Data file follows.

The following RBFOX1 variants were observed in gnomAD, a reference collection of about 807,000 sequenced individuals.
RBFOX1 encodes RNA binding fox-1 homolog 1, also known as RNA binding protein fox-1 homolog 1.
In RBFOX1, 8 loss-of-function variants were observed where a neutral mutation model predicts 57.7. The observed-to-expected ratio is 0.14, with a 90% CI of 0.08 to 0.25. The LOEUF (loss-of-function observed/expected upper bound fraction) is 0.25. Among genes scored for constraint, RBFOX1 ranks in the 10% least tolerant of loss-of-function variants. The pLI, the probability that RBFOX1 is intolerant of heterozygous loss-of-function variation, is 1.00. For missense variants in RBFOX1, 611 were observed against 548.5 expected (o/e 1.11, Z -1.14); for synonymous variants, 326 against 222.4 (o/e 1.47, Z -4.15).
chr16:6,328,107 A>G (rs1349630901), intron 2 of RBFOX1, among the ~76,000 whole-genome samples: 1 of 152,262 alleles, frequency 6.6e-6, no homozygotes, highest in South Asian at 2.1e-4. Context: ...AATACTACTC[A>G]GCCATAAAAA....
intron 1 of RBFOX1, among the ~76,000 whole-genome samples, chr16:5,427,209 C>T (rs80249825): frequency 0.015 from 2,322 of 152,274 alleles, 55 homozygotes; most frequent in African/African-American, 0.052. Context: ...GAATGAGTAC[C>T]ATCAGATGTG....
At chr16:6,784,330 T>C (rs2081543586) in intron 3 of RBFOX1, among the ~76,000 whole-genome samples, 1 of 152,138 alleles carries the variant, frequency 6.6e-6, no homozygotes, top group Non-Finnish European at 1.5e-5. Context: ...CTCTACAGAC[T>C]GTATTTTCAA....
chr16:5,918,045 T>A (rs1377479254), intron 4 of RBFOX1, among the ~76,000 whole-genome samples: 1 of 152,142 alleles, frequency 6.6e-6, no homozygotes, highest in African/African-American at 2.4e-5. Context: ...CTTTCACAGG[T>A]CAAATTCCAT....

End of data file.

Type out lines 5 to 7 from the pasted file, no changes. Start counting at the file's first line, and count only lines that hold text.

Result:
intron 1 of RBFOX1, among the ~76,000 whole-genome samples, chr16:5,427,209 C>T (rs80249825): frequency 0.015 from 2,322 of 152,274 alleles, 55 homozygotes; most frequent in African/African-American, 0.052. Context: ...GAATGAGTAC[C>T]ATCAGATGTG....
At chr16:6,784,330 T>C (rs2081543586) in intron 3 of RBFOX1, among the ~76,000 whole-genome samples, 1 of 152,138 alleles carries the variant, frequency 6.6e-6, no homozygotes, top group Non-Finnish European at 1.5e-5. Context: ...CTCTACAGAC[T>C]GTATTTTCAA....
chr16:5,918,045 T>A (rs1377479254), intron 4 of RBFOX1, among the ~76,000 whole-genome samples: 1 of 152,142 alleles, frequency 6.6e-6, no homozygotes, highest in African/African-American at 2.4e-5. Context: ...CTTTCACAGG[T>A]CAAATTCCAT....